The European Union and Democratization

By Paul J. Kubicek | Go to book overview

9

Conclusion

The European Union and democracy promotion

Paul J. Kubicek

In recent years, the European Union has emerged as an important actor in world politics, one with a very ambitious agenda. The EU has introduced a common currency, is considering a variety of institutional reforms, and is developing a military capability. However, by far its largest project is expansion to its east and south, with thirteen candidate countries approved at the December 1999 Helsinki Summit. According to the communiqué from that gathering, democracy promotion is to be an integral component of the EU's enlargement strategy. In other words, shaping other states' domestic politics is now a task of the EU, and it has, on occasion, used an array of political and economic blandishments and threats to press its democratization agenda. Moreover, as seen in the cases of Croatia, Ukraine, and Morocco, democracy is a EU concern (at least at the rhetorical level) even in those states not in the queue for membership.

Despite this turn in policy, the EU's role in democracy promotion remains, in Whitehead's words, "undertheorized" and subject of "scant attention." 1 Of course, the same could be said of the general issue of external promotion of democracy, although this topic has received treatment by some authors in the academic literature. 2 Unfortunately, however, there has been little effort to test hypotheses across a variety of countries in order to understand under what conditions democracy promotion by external actors is more likely to be successful.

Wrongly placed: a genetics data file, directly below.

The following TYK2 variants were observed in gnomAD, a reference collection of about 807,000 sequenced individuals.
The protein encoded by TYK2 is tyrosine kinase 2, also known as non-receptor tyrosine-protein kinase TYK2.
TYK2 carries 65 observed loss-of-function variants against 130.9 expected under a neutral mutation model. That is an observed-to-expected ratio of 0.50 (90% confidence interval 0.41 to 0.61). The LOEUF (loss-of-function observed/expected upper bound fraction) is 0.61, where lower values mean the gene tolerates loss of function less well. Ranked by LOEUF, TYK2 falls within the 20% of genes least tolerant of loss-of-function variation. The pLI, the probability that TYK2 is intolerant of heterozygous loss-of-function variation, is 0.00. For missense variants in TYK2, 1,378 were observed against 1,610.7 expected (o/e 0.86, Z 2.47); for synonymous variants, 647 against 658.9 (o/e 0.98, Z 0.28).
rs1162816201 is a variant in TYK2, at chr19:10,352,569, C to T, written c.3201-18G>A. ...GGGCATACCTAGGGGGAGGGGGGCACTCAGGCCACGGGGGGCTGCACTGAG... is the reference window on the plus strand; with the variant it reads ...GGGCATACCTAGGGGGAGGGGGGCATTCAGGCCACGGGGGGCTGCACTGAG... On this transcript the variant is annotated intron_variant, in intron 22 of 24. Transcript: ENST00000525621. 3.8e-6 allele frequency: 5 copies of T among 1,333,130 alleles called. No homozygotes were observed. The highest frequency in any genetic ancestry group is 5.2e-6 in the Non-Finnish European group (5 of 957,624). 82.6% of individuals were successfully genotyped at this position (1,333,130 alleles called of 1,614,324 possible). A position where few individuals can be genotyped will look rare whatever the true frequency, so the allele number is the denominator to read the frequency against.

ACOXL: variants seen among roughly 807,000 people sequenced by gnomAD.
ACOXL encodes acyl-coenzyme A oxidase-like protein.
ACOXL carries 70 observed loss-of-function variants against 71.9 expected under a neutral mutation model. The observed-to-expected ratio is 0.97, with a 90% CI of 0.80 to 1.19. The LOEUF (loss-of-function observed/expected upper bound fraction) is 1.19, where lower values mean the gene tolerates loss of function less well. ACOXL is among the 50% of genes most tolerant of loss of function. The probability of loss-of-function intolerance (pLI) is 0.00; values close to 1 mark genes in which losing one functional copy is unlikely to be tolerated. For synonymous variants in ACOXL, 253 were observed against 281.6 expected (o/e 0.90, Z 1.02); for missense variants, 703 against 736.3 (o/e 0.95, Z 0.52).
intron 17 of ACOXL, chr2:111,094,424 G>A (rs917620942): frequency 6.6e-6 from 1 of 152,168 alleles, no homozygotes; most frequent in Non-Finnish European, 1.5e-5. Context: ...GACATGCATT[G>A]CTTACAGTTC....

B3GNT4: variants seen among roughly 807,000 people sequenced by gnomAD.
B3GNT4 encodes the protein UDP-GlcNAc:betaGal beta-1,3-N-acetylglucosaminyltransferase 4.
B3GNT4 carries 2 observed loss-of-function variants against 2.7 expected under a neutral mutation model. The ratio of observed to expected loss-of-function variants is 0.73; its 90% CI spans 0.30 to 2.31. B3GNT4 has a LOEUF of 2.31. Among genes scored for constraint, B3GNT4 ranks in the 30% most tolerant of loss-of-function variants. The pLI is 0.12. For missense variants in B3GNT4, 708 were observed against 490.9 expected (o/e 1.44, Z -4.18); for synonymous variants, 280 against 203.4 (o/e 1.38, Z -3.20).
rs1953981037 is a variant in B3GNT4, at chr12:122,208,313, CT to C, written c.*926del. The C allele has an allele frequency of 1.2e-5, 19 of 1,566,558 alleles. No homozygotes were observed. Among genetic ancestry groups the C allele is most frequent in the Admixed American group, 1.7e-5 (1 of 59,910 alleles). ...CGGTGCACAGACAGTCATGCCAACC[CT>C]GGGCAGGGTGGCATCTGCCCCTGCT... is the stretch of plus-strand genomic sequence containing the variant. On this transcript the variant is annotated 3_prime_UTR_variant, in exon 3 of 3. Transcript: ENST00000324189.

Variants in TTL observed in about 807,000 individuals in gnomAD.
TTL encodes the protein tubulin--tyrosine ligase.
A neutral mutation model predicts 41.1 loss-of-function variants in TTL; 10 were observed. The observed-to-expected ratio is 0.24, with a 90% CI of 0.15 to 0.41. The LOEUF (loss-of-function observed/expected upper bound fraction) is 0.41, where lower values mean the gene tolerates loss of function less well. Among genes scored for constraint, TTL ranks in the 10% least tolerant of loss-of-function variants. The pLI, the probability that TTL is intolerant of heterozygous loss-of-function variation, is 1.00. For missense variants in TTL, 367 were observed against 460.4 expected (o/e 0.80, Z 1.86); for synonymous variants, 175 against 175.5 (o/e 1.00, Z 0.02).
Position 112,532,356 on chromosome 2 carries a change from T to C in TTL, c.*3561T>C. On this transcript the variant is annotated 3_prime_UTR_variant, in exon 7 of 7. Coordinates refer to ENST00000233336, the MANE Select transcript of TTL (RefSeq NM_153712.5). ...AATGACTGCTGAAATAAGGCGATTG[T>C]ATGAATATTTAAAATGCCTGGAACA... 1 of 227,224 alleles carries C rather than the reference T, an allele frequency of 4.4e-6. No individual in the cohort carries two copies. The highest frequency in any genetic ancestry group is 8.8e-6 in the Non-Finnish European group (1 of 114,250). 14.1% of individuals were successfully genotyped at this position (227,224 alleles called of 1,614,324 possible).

This volume has aimed to fill this gap in the literature. There are, of course, a variety of issues relating to EU enlargement - e.g. financial costs, loss of national sovereignty, public opposition or support for ascension to the EU - but our focus has been on the connection between EU expansion (or, in Croatia, Ukraine, and Morocco, EU initiatives that do not include any promise of expansion) and political change in a given state's domestic political arena. Of course, this is a complex topic, and it is often difficult to disentangle and identify particular "causes" of democratization or the failure to democratize. However, these difficulties have not stopped some analysts - and EU officials - from celebrating past EU "success" in promoting democracy in Southern Europe. More recently, the EU has been lauded for its work in Eastern Europe, and indeed one sees that those states in the front of

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